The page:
September 15, 2008

Cataloging Tools from LC

As I was reading the excellent Q&A column written by JayWeitz, of OCLC, in the Music OCLC Users Group Newsletter, I was reminded of a tremendous source of cataloging tools of which we probably aren't adequately aware. It's funded by our tax dollars, so we should be sure to get our money's worth!

The source is LC's Cataloging and Acquisitions homepage which contains a myriad of cataloging resources.

One great resource that was just posted last week is an FAQ about Form/Genre Headings. Who hasn't struggled occasionally to keep the distinction between subject headings and form/genre headings clear, or to figure out whether an authority record represents a form/genre heading or not? (OK, maybe I should narrow that down a bit - what cataloger hasn't struggled...? This probably doesn't trouble the minds of your average person on the street.)

Another helpful document I found on this site covers LC's practice for describing the new sound recording formats. I'm not sure how recent this is, but it has great tips. If you've wondered how to do descriptive cataloging for an MP3 file, or a CD/DVD combo, or other tricky audio formats, this is the tool for you!

The main homepage doesn't have room to list very many titles, so be sure to click the "View All" under the various sections to see full lists of what's there. For example, to find the Sound Recording document I described above, I had to click "View All" in the General, Descriptive Cataloging section, and then scroll down a long list of subcategories to the Sound Recordings listing. There were lots of other interesting resources listed in the other categories, so have fun looking around while you're there!

June 28, 2007


If you want to get up-to-date on technology and information systems in the library, take a look at LITA BLOG, the official blog of the Library and Information Technology Association, a division of ALA. While some of its posts focus on Internal LITA business, many cover the latest trends and issues. 
Currently, there are several reports on sessions at the ALA Annual Conference including a panel on privacy issues, a discussion of libraries as digital publishers, and a lively debate on innovation in the library. Some of the bloggers can be chatty at times, but I found useful information in all the posts I read.

Tips on Sound Recording Formats

I came across a helpful cataloging tool referenced in a recent Music OCLC Users Group (MOUG) Newsletter.  It is a set of guidelines developed by the Library of Congress, for internal use by their catalogers, to assist with descriptive cataloging of recent and emerging sound recording formats. 

The PDF file is not dated (that I could find), so  I don't know exactly how current it is, but if you have struggled with how to catalog dual discs (standard audio on one side and DVD on the other), mini CDs, shaped discs, super audio CDs, MP3 files or other formats, this might prove an essential reference tool.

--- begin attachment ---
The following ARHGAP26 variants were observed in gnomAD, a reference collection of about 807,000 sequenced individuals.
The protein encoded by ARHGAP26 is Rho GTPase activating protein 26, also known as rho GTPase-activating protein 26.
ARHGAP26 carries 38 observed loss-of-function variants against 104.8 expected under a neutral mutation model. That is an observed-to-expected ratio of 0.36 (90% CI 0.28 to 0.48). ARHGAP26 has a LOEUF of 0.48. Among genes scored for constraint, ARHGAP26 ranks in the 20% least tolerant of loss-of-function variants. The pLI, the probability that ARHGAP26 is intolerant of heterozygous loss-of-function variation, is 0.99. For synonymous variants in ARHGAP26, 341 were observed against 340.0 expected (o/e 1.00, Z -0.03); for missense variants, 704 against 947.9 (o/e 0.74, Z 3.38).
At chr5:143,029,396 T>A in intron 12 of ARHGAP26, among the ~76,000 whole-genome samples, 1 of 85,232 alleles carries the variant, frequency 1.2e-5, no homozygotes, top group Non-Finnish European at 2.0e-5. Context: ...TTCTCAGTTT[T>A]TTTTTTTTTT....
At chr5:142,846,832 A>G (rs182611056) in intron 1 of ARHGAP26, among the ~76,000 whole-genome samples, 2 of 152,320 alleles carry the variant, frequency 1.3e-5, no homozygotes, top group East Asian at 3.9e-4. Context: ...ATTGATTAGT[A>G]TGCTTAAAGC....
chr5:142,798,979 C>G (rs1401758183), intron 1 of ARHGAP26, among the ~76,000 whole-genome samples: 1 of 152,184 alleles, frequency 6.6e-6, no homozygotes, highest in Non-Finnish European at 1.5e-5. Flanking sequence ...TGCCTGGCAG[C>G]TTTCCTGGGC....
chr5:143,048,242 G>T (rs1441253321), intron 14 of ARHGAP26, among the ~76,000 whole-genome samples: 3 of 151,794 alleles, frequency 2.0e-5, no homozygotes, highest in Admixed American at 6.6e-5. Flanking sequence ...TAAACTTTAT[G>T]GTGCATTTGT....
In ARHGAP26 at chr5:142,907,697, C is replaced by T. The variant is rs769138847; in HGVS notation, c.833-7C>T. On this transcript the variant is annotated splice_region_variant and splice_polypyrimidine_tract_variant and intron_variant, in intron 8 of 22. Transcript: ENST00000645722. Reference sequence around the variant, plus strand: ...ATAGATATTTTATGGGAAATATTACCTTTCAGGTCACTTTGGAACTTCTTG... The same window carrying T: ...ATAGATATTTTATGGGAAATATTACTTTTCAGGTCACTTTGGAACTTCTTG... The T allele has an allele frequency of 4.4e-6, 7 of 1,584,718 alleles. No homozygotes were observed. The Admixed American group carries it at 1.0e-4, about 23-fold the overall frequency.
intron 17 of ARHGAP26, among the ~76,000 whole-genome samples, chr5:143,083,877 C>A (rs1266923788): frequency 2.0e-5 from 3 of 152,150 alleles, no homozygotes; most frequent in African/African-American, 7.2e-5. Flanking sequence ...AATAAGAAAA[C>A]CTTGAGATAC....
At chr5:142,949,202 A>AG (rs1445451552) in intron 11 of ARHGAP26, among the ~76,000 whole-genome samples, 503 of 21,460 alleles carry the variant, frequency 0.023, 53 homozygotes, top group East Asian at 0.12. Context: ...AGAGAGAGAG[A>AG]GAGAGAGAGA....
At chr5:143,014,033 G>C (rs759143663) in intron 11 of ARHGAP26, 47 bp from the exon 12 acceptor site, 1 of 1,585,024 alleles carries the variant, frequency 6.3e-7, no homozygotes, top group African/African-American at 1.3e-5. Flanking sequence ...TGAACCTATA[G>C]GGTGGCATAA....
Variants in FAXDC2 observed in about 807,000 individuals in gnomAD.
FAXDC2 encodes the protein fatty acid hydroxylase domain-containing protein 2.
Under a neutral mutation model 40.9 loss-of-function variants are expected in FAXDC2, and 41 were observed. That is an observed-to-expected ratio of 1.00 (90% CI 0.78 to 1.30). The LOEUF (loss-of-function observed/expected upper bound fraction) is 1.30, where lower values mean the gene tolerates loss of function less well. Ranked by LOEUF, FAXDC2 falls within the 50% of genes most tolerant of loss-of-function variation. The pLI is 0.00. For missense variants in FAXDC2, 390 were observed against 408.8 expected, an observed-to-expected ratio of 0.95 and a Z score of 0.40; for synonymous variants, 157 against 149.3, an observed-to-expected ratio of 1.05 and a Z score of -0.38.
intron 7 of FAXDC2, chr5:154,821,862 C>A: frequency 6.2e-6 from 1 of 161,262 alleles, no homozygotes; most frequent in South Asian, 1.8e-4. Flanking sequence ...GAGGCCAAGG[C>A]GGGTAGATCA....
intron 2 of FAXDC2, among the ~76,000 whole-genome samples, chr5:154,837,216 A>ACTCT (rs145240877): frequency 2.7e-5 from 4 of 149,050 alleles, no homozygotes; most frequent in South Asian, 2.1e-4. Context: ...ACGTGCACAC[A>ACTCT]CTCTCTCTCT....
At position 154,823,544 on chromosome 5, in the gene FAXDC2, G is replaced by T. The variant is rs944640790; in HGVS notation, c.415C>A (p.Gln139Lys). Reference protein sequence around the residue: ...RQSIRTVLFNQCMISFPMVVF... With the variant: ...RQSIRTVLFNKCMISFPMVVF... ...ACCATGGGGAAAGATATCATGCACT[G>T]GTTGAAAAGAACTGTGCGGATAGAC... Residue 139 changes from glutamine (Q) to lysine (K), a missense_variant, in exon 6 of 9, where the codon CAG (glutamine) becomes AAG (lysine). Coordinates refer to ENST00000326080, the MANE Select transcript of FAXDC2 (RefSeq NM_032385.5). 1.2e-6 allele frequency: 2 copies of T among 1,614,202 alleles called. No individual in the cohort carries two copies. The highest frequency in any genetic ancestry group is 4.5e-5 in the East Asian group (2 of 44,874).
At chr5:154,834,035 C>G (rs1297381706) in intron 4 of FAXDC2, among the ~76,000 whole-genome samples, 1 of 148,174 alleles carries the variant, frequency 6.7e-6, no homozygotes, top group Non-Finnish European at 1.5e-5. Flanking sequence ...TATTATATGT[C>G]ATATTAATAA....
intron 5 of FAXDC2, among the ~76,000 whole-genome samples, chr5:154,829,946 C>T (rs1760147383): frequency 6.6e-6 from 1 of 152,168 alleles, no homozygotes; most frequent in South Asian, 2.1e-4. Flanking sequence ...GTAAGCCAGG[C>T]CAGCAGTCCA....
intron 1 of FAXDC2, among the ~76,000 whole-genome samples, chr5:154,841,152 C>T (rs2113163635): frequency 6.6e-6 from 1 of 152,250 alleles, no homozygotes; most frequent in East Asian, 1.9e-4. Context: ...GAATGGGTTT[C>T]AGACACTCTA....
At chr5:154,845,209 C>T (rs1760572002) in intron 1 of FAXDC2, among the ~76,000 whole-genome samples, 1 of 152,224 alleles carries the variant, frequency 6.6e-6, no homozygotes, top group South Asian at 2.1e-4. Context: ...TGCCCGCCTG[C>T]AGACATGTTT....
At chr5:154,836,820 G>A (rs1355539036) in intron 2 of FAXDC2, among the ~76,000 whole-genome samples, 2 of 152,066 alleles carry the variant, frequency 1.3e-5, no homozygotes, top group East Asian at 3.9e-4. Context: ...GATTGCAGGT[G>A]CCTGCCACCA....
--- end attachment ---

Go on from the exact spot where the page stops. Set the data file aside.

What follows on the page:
Leave a comment if you have other treasured sources or tools that you'd like others to know about!

June 12, 2007

Description of WorldCat Local

Once again I find myself recommending something written by Marshall Breeding in ALA's Smart Libraries Newsletter...  In this article in the June 2007 issue, he does a great job of explaining WorldCat Local, OCLC's effort at improving the catalog search experience for local users.  In April, a beta version of WorldCat Local installed at the University of Washington Libraries was made public.

We've been hearing a lot lately about WorldCat Local and Ex Libris' Primo product (e.g. the Regional ExLibris User Group meeting), but here's a chance to actually try it out.

Read the article, then go play around in the UW implementation

Let us know what you think or what questions it raises for you.

January 5, 2007

Recommended Reading

I would commend to your attention the Smart Libraries Newsletter. Those who attended CLIC's Forum on the Future of the ILS heard Roy Tennant list Marshall Breeding as an expert to follow on issues related to library systems and I would agree. I have long kept copies of his articles in my files for use when people come to me with questions about automating their library or changing systems.

Breeding contributes a monthly ILS Scoop column to the Smart Libraries Newsletter. Tom Peters, the second contributing editor, tackles topics like gaming, libraries and the Second Life virtual-reality environment, and using technology to enhance book discussion groups - topics perhaps less relevant to those of us in Technical Services, but still of interest. Both have a gift for explaining and exploring technology and its implications in straightforward, practical language.

Of particular interest to our region is Breeding's ILS Scoop in the January 2007 issue, in which he gives the lowdown on Endeavor's acquisition by ExLibris' new owner. He explains the merger, provides historical context, examines organizational changes and even speculates on the implications for the commercial library sphere.

An annual subscription to Smart Libraries Newsletter ("delivering hard data and innovative insights about the world of library technology, every month.") costs $85. You can also access individual issues via ALA's Techsource site at:

Let us know what you think!